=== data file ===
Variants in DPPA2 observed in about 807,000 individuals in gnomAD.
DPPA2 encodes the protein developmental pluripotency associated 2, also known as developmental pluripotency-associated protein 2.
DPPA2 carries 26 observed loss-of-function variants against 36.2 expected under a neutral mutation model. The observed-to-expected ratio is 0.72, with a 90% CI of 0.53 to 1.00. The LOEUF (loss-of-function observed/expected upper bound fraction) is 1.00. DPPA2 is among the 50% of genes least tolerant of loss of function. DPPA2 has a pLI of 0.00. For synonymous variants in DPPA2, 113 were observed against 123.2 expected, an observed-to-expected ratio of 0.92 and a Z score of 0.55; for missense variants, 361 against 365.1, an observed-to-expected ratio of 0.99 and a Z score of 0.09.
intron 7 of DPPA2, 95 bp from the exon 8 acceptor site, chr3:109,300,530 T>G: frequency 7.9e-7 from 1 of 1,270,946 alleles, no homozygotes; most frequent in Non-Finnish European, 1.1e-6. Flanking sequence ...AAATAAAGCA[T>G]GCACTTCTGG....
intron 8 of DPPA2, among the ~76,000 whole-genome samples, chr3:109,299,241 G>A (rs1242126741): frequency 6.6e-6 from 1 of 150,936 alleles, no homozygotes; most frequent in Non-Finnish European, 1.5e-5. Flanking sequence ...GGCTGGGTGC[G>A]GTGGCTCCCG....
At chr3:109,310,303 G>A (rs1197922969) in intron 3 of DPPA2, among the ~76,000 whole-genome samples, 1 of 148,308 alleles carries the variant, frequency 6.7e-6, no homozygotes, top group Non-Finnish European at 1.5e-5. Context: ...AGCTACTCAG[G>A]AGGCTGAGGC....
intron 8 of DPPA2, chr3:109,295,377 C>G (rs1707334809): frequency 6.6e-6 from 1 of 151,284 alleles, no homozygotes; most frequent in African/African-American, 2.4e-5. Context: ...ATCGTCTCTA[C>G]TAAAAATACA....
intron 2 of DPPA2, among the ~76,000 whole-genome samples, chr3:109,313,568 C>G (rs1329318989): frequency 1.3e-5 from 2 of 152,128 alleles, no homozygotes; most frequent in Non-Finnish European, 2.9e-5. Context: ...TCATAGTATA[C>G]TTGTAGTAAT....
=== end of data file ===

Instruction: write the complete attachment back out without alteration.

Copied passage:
Variants in DPPA2 observed in about 807,000 individuals in gnomAD.
DPPA2 encodes the protein developmental pluripotency associated 2, also known as developmental pluripotency-associated protein 2.
DPPA2 carries 26 observed loss-of-function variants against 36.2 expected under a neutral mutation model. The observed-to-expected ratio is 0.72, with a 90% CI of 0.53 to 1.00. The LOEUF (loss-of-function observed/expected upper bound fraction) is 1.00. DPPA2 is among the 50% of genes least tolerant of loss of function. DPPA2 has a pLI of 0.00. For synonymous variants in DPPA2, 113 were observed against 123.2 expected, an observed-to-expected ratio of 0.92 and a Z score of 0.55; for missense variants, 361 against 365.1, an observed-to-expected ratio of 0.99 and a Z score of 0.09.
intron 7 of DPPA2, 95 bp from the exon 8 acceptor site, chr3:109,300,530 T>G: frequency 7.9e-7 from 1 of 1,270,946 alleles, no homozygotes; most frequent in Non-Finnish European, 1.1e-6. Flanking sequence ...AAATAAAGCA[T>G]GCACTTCTGG....
intron 8 of DPPA2, among the ~76,000 whole-genome samples, chr3:109,299,241 G>A (rs1242126741): frequency 6.6e-6 from 1 of 150,936 alleles, no homozygotes; most frequent in Non-Finnish European, 1.5e-5. Flanking sequence ...GGCTGGGTGC[G>A]GTGGCTCCCG....
At chr3:109,310,303 G>A (rs1197922969) in intron 3 of DPPA2, among the ~76,000 whole-genome samples, 1 of 148,308 alleles carries the variant, frequency 6.7e-6, no homozygotes, top group Non-Finnish European at 1.5e-5. Context: ...AGCTACTCAG[G>A]AGGCTGAGGC....
intron 8 of DPPA2, chr3:109,295,377 C>G (rs1707334809): frequency 6.6e-6 from 1 of 151,284 alleles, no homozygotes; most frequent in African/African-American, 2.4e-5. Context: ...ATCGTCTCTA[C>G]TAAAAATACA....
intron 2 of DPPA2, among the ~76,000 whole-genome samples, chr3:109,313,568 C>G (rs1329318989): frequency 1.3e-5 from 2 of 152,128 alleles, no homozygotes; most frequent in Non-Finnish European, 2.9e-5. Context: ...TCATAGTATA[C>G]TTGTAGTAAT....